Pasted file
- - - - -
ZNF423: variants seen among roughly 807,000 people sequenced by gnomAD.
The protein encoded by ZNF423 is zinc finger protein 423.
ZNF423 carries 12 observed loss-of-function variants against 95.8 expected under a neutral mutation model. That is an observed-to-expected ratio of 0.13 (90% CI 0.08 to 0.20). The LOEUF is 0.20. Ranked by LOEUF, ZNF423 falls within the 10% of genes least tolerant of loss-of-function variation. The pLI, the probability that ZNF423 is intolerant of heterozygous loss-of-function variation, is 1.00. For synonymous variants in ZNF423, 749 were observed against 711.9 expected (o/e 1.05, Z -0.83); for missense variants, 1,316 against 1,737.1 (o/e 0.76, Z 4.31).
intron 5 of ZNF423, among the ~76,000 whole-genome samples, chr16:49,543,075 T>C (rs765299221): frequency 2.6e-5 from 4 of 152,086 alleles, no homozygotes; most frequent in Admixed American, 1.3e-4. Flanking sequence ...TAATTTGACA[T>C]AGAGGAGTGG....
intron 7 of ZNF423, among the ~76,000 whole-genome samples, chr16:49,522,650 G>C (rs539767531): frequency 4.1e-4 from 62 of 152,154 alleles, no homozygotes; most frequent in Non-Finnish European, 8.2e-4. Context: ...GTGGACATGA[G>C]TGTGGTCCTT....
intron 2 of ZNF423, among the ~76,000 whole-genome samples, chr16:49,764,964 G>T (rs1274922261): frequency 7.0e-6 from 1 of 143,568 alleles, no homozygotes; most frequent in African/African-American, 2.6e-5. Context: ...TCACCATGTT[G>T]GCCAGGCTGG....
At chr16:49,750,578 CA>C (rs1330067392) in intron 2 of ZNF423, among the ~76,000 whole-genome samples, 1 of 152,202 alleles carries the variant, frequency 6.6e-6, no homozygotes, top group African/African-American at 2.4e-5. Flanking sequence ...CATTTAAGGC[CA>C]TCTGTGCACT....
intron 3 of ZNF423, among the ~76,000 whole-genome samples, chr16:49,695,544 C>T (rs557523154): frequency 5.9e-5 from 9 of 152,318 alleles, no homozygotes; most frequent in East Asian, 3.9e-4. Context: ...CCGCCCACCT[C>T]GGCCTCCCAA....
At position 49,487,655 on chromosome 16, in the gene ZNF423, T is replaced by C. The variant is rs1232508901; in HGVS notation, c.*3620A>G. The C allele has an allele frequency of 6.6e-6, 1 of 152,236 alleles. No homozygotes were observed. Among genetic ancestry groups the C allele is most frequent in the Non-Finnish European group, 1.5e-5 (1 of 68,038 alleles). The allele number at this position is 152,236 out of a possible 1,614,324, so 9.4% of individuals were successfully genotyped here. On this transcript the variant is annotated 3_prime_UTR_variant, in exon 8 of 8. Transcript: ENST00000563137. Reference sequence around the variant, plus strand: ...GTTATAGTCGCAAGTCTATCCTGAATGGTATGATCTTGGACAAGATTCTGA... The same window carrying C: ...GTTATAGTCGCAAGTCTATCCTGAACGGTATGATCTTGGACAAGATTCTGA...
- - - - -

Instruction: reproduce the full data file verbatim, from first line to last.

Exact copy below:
ZNF423: variants seen among roughly 807,000 people sequenced by gnomAD.
The protein encoded by ZNF423 is zinc finger protein 423.
ZNF423 carries 12 observed loss-of-function variants against 95.8 expected under a neutral mutation model. That is an observed-to-expected ratio of 0.13 (90% CI 0.08 to 0.20). The LOEUF is 0.20. Ranked by LOEUF, ZNF423 falls within the 10% of genes least tolerant of loss-of-function variation. The pLI, the probability that ZNF423 is intolerant of heterozygous loss-of-function variation, is 1.00. For synonymous variants in ZNF423, 749 were observed against 711.9 expected (o/e 1.05, Z -0.83); for missense variants, 1,316 against 1,737.1 (o/e 0.76, Z 4.31).
intron 5 of ZNF423, among the ~76,000 whole-genome samples, chr16:49,543,075 T>C (rs765299221): frequency 2.6e-5 from 4 of 152,086 alleles, no homozygotes; most frequent in Admixed American, 1.3e-4. Flanking sequence ...TAATTTGACA[T>C]AGAGGAGTGG....
intron 7 of ZNF423, among the ~76,000 whole-genome samples, chr16:49,522,650 G>C (rs539767531): frequency 4.1e-4 from 62 of 152,154 alleles, no homozygotes; most frequent in Non-Finnish European, 8.2e-4. Context: ...GTGGACATGA[G>C]TGTGGTCCTT....
intron 2 of ZNF423, among the ~76,000 whole-genome samples, chr16:49,764,964 G>T (rs1274922261): frequency 7.0e-6 from 1 of 143,568 alleles, no homozygotes; most frequent in African/African-American, 2.6e-5. Context: ...TCACCATGTT[G>T]GCCAGGCTGG....
At chr16:49,750,578 CA>C (rs1330067392) in intron 2 of ZNF423, among the ~76,000 whole-genome samples, 1 of 152,202 alleles carries the variant, frequency 6.6e-6, no homozygotes, top group African/African-American at 2.4e-5. Flanking sequence ...CATTTAAGGC[CA>C]TCTGTGCACT....
intron 3 of ZNF423, among the ~76,000 whole-genome samples, chr16:49,695,544 C>T (rs557523154): frequency 5.9e-5 from 9 of 152,318 alleles, no homozygotes; most frequent in East Asian, 3.9e-4. Context: ...CCGCCCACCT[C>T]GGCCTCCCAA....
At position 49,487,655 on chromosome 16, in the gene ZNF423, T is replaced by C. The variant is rs1232508901; in HGVS notation, c.*3620A>G. The C allele has an allele frequency of 6.6e-6, 1 of 152,236 alleles. No homozygotes were observed. Among genetic ancestry groups the C allele is most frequent in the Non-Finnish European group, 1.5e-5 (1 of 68,038 alleles). The allele number at this position is 152,236 out of a possible 1,614,324, so 9.4% of individuals were successfully genotyped here. On this transcript the variant is annotated 3_prime_UTR_variant, in exon 8 of 8. Transcript: ENST00000563137. Reference sequence around the variant, plus strand: ...GTTATAGTCGCAAGTCTATCCTGAATGGTATGATCTTGGACAAGATTCTGA... The same window carrying C: ...GTTATAGTCGCAAGTCTATCCTGAACGGTATGATCTTGGACAAGATTCTGA...